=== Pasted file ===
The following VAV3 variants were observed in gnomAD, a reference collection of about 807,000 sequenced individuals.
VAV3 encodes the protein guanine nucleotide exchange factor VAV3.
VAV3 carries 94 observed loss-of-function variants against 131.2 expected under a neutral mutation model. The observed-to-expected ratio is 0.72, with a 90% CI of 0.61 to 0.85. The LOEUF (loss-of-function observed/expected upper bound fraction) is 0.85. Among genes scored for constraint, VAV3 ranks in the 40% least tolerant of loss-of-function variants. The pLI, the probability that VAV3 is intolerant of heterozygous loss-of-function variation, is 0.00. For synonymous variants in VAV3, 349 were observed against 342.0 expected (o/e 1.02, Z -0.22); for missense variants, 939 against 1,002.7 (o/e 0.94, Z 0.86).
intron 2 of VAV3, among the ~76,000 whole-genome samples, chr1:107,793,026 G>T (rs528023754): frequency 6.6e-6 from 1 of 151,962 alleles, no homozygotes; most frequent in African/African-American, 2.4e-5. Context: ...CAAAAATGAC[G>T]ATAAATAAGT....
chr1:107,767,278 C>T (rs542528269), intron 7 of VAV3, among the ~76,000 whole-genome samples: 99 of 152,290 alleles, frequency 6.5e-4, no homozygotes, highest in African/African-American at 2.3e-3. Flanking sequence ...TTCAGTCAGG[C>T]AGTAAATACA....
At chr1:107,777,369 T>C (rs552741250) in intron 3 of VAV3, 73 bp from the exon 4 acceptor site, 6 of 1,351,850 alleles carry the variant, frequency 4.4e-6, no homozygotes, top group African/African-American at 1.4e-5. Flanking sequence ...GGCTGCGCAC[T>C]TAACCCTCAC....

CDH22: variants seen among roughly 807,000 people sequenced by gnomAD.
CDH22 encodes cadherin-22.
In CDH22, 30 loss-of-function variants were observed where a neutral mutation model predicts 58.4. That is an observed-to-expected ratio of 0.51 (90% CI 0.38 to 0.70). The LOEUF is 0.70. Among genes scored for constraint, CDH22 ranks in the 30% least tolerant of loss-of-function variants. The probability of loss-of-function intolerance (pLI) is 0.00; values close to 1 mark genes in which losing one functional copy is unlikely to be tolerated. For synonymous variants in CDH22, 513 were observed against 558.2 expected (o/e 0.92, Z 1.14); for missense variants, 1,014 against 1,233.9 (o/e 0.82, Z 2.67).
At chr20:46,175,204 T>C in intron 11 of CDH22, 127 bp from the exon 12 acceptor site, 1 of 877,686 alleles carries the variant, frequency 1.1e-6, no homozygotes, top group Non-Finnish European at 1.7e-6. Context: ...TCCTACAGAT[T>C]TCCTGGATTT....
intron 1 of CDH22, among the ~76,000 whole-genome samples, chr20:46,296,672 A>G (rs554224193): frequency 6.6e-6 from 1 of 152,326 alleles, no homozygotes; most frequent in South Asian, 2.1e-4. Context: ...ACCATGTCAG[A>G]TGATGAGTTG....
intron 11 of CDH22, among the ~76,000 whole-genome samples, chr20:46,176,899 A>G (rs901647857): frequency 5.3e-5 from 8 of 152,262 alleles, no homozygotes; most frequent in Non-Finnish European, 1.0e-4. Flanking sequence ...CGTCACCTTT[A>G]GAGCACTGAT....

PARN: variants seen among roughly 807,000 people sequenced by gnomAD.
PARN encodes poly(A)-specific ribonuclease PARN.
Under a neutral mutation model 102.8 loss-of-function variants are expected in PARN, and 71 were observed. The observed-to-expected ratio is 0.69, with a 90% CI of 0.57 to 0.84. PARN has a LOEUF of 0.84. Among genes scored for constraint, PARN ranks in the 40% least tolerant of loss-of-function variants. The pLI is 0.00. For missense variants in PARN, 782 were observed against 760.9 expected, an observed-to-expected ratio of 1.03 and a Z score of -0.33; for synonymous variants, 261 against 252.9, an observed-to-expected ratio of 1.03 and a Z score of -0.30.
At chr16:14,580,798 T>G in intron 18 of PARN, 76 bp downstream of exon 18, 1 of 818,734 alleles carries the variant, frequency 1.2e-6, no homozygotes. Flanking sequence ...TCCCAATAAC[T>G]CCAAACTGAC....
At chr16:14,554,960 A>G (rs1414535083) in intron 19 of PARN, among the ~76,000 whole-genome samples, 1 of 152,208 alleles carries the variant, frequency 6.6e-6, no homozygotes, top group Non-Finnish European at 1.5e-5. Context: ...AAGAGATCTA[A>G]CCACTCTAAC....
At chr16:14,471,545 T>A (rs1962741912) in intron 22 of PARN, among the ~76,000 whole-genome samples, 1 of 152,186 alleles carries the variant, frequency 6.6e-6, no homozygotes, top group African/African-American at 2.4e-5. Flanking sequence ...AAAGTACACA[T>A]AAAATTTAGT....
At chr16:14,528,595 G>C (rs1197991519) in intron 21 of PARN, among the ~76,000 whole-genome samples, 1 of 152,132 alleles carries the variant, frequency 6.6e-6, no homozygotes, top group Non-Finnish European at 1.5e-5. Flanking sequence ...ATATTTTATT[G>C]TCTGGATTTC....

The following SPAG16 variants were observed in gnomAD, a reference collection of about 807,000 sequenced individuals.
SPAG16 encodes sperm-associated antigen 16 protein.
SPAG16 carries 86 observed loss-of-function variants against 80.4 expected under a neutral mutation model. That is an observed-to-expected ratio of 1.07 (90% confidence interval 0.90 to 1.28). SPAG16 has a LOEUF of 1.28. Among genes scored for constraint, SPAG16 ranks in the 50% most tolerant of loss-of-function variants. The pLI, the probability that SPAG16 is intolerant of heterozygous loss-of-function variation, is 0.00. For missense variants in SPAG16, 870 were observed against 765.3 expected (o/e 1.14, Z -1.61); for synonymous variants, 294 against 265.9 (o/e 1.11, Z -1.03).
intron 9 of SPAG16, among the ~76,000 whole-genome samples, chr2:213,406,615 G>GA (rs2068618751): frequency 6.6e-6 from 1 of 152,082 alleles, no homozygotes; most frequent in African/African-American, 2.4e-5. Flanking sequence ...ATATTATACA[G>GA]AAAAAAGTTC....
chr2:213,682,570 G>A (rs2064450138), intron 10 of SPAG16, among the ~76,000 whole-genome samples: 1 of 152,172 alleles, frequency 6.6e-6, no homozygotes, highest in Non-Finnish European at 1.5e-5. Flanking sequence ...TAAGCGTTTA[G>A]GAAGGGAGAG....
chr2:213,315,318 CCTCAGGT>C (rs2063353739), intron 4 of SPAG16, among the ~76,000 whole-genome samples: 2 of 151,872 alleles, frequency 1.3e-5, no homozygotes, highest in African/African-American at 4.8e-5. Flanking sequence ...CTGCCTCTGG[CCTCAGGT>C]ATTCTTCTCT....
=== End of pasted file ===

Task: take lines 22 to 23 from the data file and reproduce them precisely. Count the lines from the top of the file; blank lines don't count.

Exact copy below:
SPAG16 carries 86 observed loss-of-function variants against 80.4 expected under a neutral mutation model. That is an observed-to-expected ratio of 1.07 (90% confidence interval 0.90 to 1.28). SPAG16 has a LOEUF of 1.28. Among genes scored for constraint, SPAG16 ranks in the 50% most tolerant of loss-of-function variants. The pLI, the probability that SPAG16 is intolerant of heterozygous loss-of-function variation, is 0.00. For missense variants in SPAG16, 870 were observed against 765.3 expected (o/e 1.14, Z -1.61); for synonymous variants, 294 against 265.9 (o/e 1.11, Z -1.03).
intron 9 of SPAG16, among the ~76,000 whole-genome samples, chr2:213,406,615 G>GA (rs2068618751): frequency 6.6e-6 from 1 of 152,082 alleles, no homozygotes; most frequent in African/African-American, 2.4e-5. Flanking sequence ...ATATTATACA[G>GA]AAAAAAGTTC....